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Archives and Special Collections: Archive of Landscape Architect Shogo Myaida - Home

Archives and Special Collections is a repository for materials contained in a variety of formats: books, manuscripts, correspondence, journals, photographs, posters, maps, original drawings, theatre programs, archival documents, and other materials.

Archive of Landscape Architect Shogo Myaida

Collection Facts at a Glance

Shogo Myaida was a famous landscape artist who worked during the 20th Century. He incorporated his knowledge of European and Japanese gardening traditions into his landscapes. Shogo Myaida and his wife, Grace, were longtime residents of Albertson, NY, a neighboring community to the LIU Post campus. Both Shogo Myaida and his wife, Grace, died in 1989. This collection was donated by Shogo Myaida who designed the Japanese Garden at the Hillwood Estate, Museum and Gardens in Washington D.C. for Marjorie Merriweather Post, LIU Post Campus benefactor.
Collection Time Period:
20th Century
This collection contains selections of Shogo Myaida's Original Artworks, Architectural Plans, Biographical Information, Blueprints, Etchings, Miscellaneous Materials, Photographs, and Sketches.
Scope and Content:
225 Architectural Drawings
24 Items - Biographical Information
20 Blueprints
52 Etchings
12 Items - Miscellaneous Documents
35 Photographs
3 Sketches
57 Watercolors
Special Collections Main Room
Archives and Special Collections - B. Davis Schwartz Memorial Library
User Restrictions:
The Collection is available for viewing in the Special Collections' Reading Room. Appointments are necessary for researchers. Requests for digital images are considered on a case by case basis. Please call or email us for an appointment. 516/299-2880.

Landscape Architect Shogo Myaida: Biographical Information

Shogo J. Myaida was born into an aristocratic family in Japan at the close of the 19th century. By the age of twenty-two, he had a diverse education in architecture, horticulture, forestry, engineering and art. Myaida helped the Imperial University in Tokyo establish one of Japan's first Landscape Studies program. He also had the opportunity to travel and to tour European gardens where he learned other landscape and horticultural traditions.

During the mid-1920's, Mr. Myaida settled in America and began to design gardens. He used both Asian and European design styles for his gardens during the 1920's and 1930's, including two Japanese style gardens for the Nippon Pavilion at the World's Fair in Flushing Meadows, New York in 1939. However, with hostility increasing between the United States and Japan during the 1940's, and the aftermath of the Second World War, Shogo Myaida encountered both professional and personal discrimination due to his Japanese heritage. Finally, in the late 1950's, Mr. Myaida was able to re-establish his clientele as Japanese art and gardens were once again gaining popularity.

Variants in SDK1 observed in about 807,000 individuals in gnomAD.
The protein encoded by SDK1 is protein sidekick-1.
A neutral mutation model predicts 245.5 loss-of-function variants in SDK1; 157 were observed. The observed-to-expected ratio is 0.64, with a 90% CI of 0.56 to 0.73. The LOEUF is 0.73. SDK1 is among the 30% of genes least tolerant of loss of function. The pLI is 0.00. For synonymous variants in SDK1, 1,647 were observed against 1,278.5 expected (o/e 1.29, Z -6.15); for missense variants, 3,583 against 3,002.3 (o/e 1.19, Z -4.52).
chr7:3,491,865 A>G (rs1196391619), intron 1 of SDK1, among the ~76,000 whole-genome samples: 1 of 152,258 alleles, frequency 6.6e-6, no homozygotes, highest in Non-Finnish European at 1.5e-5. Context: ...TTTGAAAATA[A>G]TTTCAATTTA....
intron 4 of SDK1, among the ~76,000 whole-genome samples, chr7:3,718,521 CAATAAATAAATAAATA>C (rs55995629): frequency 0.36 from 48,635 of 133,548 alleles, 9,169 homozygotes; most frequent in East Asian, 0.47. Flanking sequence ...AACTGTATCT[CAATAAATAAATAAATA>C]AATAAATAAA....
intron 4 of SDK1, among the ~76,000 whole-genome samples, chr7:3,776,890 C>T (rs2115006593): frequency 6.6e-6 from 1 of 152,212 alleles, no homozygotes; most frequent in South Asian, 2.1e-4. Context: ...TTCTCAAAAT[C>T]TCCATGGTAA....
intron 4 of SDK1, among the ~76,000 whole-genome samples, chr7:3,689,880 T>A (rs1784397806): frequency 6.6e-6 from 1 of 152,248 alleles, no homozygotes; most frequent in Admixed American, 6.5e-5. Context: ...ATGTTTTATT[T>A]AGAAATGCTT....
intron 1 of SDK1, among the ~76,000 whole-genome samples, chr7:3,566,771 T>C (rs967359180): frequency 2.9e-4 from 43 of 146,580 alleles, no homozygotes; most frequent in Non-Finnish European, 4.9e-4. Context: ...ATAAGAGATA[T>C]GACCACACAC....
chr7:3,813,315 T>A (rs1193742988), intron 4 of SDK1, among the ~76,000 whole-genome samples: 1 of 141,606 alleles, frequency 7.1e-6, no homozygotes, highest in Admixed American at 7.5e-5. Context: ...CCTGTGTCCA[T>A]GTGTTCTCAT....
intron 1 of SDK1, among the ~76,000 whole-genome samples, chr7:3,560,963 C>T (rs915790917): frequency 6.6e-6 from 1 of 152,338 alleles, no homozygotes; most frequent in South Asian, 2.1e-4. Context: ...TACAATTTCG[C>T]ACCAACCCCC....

During his career, Mr. Myaida was able to successfully blend elements of American and Asian gardening traditions with an understanding of the differences between the two cultures. He accepted that a traditional Japanese garden in America would cease to be authentic after several years of American maintenance. Therefore, he sought to create a Japanese-American inspired garden that suited the personality of the individual for whom he created the garden.

Shogo Myaida and his wife Grace were longtime residents of Albertson, NY. He retired from his professional landscape practice in 1972 and lived with his wife in North Carolina. He passed away on May 13, 1989. In addition to the priceless Shogo Myaida archives and original artworks found in Archives and Special Collections at LIU Post, many of his personal and professional papers, including photographs and landscape design sketches, are archived with the Japanese American National Museum in Los Angeles.

The former Washington, D.C. home of philanthropist Marjorie Merriweather Post, heiress of the Post cereal fortune, is now a museum. According to the Hillwood Museum's web site, Myaida's garden at Hillwood is one of the last remaining examples of gardens influenced by the reintroduction of the Japanese culture to America during the 1950s. Shogo J. Myaida was a garden designer who became a naturalized U.S. citizen in the 1920s during the first wave of Japanese cultural influence in North America. Myaida was known for a style of garden design that married the best of American pragmatism and Japanese aesthetics.

Myaida's goal was not to mimic a garden in Japan, but rather to create a 'Japanese-influenced' garden that also fulfilled the requirements requested by the owner. Myaida carefully blends Japanese-American influences in the layout of the Hillwood garden.



Japanese American National Museum. "A Trunk Full of Stories: The Shogo Myaida Collection." Discover Nikkei. Japanese American National Museum Magazine, 19 Jan. 2015. Web. 09 Aug. 2016.

"JGarden - Gardens." Hillwood Museum and Gardens, 11 Nov. 2007. Web. 09 Aug. 2016.

"Japanese-style Garden." Hillwood Estate, Museum and Gardens: Where Fabulous Lives. Hillwood Museum, n.d. Web. 09 Aug. 2016.

Archive of Landscape Architect Shogo Myaida

Archive of Landscape Architect Shogo Myaida

Contact Information

Archives and Special Collections is located on the second floor of the LIU Post Library.
Rooms: 345-346

Heather Hesse - Special Collections Assistant
Archives and Special Collections

Hours: 9:00-5:00, Monday-Friday

Archive of Shogo Myaida

Archive of Landscape Architect Shogo Myaida

Archive of Shogo Myaida

Archive of Landscape Architect Shogo Myaida